Congratulations to Lilla Keith, soprano, a student of Dr. Carla LeFevre and Akiko Yamazaki, piano, a student of Dr. John Salmon, who were chosen from a pool of 14 talented finalists. Lilla and Akiko will perform with the Symphony Orchestra on a concert to be determined in the Spring or Fall. Visit music.uncg.edu for complete information on our many performances throughout the year.
Lilla Keith, soprano
Student of Dr. Carla LeFevre
Lilla Keith is a Soprano from Campobello, SC. She received her BM in Vocal Performance from Furman University where she performed the leading role Josephine in the production HMS Pinafore. Lilla also performed with Furman’s symphony orchestra as the soprano soloist for Mozart’s Coronation Mass. She studied abroad through the Accademia Dell’arte in Arezzo, Italy, performing many solo recitals and showcases. She has participated in prestigious summer programs including Chicago Summer Opera. There, she performed Lady Billows in their production of Albert Herring. She sang the leading roles in their opera scenes productions: Fiordiligi in Cosi fan tutte, Female Chorus in the Rape of Lucretia, Angelica in Suor Angelica and First lady in Die Zauberflöte. Following Chicago, Lilla furthered her studies as a studio participant in CoOPERAtive Summer program in Princeton, NJ. Currently, Lilla is obtaining her Masters in Music at The University of North Carolina at Greensboro studying with Dr. Carla LeFevre. This spring Lilla will be performing as Alice Ford in the UNCG Opera Theatre production of Verdi’s Falstaff. She will also be making her Greensboro Opera debut as Gretel in Humperdinck’s Hänsel and Gretel.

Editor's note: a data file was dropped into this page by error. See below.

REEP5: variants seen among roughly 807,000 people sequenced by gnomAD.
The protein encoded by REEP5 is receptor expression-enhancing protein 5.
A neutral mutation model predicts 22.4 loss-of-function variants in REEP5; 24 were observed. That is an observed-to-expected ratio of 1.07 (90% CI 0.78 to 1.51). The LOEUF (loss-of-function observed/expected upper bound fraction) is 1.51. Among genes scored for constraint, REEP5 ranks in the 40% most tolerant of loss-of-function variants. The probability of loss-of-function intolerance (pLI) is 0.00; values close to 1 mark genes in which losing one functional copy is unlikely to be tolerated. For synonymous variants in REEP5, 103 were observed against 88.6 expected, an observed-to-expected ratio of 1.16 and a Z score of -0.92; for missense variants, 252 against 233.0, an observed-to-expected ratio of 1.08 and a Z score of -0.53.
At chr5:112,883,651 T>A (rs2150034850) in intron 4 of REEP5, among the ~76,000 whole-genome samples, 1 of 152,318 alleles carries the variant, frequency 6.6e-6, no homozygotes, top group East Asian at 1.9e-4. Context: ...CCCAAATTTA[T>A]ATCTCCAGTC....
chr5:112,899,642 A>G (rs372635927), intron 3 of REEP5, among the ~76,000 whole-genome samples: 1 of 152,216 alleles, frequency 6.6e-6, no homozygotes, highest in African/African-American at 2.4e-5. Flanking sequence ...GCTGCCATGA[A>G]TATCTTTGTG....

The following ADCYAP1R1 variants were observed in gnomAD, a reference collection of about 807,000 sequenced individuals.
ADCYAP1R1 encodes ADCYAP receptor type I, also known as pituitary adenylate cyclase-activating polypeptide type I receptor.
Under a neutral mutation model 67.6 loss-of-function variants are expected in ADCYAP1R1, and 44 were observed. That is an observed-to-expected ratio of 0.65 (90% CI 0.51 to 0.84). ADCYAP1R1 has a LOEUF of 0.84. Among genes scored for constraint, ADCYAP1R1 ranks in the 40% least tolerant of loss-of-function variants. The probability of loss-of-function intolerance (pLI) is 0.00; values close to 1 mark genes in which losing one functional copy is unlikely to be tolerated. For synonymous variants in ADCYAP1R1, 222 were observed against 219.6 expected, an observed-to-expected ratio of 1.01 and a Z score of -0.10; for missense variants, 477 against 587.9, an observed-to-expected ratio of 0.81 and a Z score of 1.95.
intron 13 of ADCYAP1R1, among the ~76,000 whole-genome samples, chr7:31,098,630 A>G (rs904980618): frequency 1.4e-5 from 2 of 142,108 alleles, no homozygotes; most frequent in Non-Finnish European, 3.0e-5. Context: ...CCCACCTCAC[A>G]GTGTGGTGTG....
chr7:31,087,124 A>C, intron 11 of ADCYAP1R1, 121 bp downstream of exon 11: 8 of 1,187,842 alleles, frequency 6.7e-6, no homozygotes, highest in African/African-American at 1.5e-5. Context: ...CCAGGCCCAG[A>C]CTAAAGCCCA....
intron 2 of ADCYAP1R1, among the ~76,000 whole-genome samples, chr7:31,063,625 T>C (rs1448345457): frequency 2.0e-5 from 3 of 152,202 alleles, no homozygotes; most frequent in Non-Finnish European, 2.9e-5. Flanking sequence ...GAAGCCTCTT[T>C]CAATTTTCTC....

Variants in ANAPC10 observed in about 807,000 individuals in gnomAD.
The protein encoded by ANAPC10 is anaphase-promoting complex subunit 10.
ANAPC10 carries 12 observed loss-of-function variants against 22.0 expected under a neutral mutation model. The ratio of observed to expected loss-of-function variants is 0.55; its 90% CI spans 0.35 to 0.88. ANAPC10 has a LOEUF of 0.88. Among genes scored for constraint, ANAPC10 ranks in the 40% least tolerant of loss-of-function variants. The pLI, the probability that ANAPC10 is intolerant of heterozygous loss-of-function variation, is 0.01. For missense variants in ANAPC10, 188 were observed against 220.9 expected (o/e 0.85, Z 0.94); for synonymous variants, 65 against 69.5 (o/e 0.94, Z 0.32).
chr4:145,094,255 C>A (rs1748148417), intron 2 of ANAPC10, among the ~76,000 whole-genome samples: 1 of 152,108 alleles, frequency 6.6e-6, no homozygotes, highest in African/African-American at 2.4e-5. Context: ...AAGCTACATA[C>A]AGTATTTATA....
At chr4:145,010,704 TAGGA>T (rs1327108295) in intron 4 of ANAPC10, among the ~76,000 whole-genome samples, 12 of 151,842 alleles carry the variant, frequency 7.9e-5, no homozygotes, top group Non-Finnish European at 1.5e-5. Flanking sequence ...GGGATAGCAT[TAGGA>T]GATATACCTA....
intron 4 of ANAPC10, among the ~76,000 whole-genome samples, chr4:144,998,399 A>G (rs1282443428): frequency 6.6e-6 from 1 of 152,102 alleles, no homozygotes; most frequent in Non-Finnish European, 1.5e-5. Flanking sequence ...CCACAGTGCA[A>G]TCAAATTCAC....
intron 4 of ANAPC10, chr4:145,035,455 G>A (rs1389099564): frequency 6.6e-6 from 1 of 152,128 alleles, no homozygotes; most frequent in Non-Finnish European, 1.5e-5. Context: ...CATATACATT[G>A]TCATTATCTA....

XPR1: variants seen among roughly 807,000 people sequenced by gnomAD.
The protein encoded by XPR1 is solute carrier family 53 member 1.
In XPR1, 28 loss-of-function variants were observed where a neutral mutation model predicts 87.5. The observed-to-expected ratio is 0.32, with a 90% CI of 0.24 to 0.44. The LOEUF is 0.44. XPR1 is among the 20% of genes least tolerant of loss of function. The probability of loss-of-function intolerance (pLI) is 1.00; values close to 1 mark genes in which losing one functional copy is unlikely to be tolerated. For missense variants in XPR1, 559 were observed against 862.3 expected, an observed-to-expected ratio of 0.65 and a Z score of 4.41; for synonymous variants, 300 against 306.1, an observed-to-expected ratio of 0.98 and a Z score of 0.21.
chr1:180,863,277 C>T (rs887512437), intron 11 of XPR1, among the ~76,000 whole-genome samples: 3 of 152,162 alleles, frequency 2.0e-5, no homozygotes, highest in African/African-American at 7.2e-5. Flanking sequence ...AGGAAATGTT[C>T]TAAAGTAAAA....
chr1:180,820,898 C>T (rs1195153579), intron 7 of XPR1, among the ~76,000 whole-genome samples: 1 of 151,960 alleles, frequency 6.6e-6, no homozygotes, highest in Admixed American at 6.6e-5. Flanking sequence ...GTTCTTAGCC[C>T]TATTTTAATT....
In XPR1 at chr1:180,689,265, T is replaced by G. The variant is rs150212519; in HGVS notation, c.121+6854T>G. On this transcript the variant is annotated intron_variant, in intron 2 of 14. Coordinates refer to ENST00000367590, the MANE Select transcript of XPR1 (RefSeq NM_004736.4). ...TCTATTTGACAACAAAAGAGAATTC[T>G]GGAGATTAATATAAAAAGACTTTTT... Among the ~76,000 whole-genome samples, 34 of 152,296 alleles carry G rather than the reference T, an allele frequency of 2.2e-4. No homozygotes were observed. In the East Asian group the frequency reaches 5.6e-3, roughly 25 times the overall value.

Akiko Yamazaki, piano
Student of Dr. John Salmon
Pianist Akiko Yamazaki has performed extensively as soloist and chamber musician in venues including Weill Recital Hall at Carnegie Hall. She made her orchestral debut with the Raleigh Symphony Orchestra as a recipient of the Benjamin Kilgore Gibbs award in 2004. She has appeared as a guest artist at universities including Utah State University, and University of Wisconsin – Stevens Point. An avid chamber musician, she has collaborated with the members of the North Carolina Symphony and the faculty at the University of North Carolina at Chapel Hill. At A Symposium for 21st Century Musicians, she gave the world premiere performance of Matthew Orlovich’s Dawn Rhapsody with violinist Karen Galvin. As a pedagogue, she is active as a presenter, adjudicator, and master class clinician.